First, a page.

Suing Banks – Bad Faith Default Leads to Big Win Against GMAC

This case is one from the archives but the principles and law behind the decision are still valid today. In 2009, a Philadelphia jury awarded Donald Mente and his new and used car dealership, Mente Chevrolet, $4 million after finding that GMAC had used thinly disguised pretexts to declare the dealership in default and seize its assets. Still not satisfied, GMAC (now Ally Financial), attempted to overturn the jury’s decision. Fortunately, the court sided with the jury and Donald Mente and ruled the lender had engaged in a “bad faith default.”

Both the facts and procedural history are useful for anyone asking the questions “Can I sue my lender” or perhaps better phrased, “How can I sue my lender and win”?

2006 and GM’s Plan to Close Hundreds of Dealerships

The year was 2006. Although the housing market and economy had not yet crashed, there were signs everywhere that the bubble was about to burst. In April of that year, GM brought in Cerberus Capital Management, a private equity firm that specializes in “distressed investing” to help restructure. (In Greek mythology, Cerberus is a monster that guards the gates of the underworld and keeps the dead from leaving.)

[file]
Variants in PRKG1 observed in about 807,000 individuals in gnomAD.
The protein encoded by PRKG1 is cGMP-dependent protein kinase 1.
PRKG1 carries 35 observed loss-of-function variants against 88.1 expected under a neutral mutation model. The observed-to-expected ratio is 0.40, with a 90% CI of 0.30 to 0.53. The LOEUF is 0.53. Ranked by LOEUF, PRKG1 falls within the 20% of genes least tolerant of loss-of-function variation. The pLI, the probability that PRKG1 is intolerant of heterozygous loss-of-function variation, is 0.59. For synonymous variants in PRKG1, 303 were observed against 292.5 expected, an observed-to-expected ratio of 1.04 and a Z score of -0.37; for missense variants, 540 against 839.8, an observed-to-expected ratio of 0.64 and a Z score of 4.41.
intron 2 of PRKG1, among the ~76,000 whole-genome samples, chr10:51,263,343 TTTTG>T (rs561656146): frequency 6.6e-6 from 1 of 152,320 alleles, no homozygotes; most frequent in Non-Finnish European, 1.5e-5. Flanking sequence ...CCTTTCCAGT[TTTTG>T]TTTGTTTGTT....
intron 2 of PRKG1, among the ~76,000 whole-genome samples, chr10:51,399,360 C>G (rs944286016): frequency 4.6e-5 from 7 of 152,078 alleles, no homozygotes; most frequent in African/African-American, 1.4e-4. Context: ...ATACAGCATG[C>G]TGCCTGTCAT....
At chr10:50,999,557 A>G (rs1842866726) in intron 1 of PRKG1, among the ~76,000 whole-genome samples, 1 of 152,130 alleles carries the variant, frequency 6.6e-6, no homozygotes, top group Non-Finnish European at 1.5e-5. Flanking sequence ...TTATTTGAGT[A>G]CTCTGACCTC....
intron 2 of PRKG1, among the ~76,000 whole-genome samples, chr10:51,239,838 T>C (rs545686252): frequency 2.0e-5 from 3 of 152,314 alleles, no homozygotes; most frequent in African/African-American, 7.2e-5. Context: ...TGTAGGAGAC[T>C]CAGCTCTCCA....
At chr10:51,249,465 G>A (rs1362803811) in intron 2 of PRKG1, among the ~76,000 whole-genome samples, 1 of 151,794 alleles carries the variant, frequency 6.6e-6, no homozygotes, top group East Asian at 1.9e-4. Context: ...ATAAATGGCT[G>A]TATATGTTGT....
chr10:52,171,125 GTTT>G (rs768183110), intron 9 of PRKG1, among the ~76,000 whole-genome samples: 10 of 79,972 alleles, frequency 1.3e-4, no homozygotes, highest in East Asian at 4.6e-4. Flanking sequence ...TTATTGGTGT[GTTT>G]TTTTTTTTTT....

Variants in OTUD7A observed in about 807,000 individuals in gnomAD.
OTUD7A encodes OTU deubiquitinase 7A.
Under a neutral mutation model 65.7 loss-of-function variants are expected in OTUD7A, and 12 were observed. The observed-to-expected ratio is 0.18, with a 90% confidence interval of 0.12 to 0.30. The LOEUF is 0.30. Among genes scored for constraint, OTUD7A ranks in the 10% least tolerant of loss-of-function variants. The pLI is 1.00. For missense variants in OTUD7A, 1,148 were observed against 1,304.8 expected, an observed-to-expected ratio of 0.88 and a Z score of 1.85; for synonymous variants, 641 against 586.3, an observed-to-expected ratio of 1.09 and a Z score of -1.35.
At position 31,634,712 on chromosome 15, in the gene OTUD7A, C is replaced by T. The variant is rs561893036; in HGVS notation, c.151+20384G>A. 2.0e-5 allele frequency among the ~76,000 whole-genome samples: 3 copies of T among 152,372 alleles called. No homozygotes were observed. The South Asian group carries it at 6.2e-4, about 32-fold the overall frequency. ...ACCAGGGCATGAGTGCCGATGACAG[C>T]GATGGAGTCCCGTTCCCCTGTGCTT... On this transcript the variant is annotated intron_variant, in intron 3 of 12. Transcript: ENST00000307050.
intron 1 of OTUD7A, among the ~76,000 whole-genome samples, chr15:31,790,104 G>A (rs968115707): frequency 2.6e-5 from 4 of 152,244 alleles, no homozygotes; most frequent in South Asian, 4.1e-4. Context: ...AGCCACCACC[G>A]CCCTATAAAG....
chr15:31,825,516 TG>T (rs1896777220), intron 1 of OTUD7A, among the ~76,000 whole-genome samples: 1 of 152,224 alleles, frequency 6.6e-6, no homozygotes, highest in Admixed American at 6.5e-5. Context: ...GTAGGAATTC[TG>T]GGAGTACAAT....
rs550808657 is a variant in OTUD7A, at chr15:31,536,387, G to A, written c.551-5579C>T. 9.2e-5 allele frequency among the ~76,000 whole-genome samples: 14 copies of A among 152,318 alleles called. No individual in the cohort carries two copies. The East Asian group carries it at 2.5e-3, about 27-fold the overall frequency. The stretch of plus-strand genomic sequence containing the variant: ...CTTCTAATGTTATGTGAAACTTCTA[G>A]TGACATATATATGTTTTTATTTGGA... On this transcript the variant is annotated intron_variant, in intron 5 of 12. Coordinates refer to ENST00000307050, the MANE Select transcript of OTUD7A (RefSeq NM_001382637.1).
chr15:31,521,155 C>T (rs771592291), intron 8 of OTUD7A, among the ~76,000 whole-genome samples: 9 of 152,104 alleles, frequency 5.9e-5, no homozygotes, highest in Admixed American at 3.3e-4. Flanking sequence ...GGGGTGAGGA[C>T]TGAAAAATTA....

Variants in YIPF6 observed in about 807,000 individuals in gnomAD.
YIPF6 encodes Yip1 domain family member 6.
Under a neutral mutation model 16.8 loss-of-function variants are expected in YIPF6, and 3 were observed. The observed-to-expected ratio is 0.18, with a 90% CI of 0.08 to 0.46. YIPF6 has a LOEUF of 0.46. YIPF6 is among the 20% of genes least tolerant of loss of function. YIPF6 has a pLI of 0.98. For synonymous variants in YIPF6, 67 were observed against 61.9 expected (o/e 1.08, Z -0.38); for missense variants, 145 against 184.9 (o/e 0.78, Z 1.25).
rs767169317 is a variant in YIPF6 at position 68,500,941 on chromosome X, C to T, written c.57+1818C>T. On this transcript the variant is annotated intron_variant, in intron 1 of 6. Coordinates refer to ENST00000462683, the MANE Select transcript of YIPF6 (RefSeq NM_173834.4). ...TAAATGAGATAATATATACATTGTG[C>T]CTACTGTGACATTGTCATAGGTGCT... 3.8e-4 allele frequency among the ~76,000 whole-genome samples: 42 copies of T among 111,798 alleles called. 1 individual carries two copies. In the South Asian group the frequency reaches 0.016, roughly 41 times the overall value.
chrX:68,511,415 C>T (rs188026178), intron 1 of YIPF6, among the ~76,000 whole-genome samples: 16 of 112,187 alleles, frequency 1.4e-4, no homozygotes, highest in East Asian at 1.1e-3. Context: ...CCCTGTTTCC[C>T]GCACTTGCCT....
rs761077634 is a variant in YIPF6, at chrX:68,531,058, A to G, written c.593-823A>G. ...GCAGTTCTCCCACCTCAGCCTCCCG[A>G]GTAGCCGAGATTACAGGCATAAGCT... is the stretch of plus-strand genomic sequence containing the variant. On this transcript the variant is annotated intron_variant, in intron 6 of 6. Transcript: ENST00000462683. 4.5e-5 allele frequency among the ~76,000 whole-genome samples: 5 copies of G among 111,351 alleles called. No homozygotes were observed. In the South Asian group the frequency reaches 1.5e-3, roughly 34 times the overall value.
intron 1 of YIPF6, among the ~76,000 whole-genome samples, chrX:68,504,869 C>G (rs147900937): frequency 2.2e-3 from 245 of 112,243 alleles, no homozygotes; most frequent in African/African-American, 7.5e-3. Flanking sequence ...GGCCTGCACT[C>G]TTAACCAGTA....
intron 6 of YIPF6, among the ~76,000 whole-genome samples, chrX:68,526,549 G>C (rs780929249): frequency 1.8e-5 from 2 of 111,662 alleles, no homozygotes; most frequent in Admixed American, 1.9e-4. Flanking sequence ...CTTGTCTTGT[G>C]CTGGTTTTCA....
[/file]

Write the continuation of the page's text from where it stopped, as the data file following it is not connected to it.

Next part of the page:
As part of a corporate restructuring, Cerberus was to acquire 51% of GMAC, GM’s lending arm. GMAC would then later become known as Ally Financial.

As the economy began to grow even shakier in 2007, the GM / Cerberus plan became more clear. Automotive News announced that GM was going to pursue a consolidation plan and reduce the number of its dealerships.

There was one “tiny” problem with GM’s plan. Unless a dealership was in default of its franchise or financing plan agreements, the company couldn’t just shut down dealers. Not legally or ethically.

Donald Mente says that when GM decided to declare a bad faith default and simply shut him down.

Donald Mente and the Mente Dealerships

The facts of this case are largely taken from court’s own findings. Donald Mente owned two car dealerships for over 15 years, Mente Chevrolet Oldsmobile (the Chevrolet Dealership) and Mente Chrysler Dodge.

Don’s parents purchased the Chevrolet dealership in 1971. Fresh from school, Don began working there in 1979. Later in the 1990s, Don Mente assumed full control of the Chevrolet dealership from his parents. Around the same time, his Mente family purchased the Chrysler Dealership.

All financial transactions for the dealerships were managed by Donna Johnson, a woman who had worked for the family for almost 30 years. She was the dealerships’ controller.

Don Mente operated the Chevrolet dealership under franchise agreement with General Motors (GM). Financing for the dealership was through GMAC. In the car industry, these financing arrangements are called “floor plans.”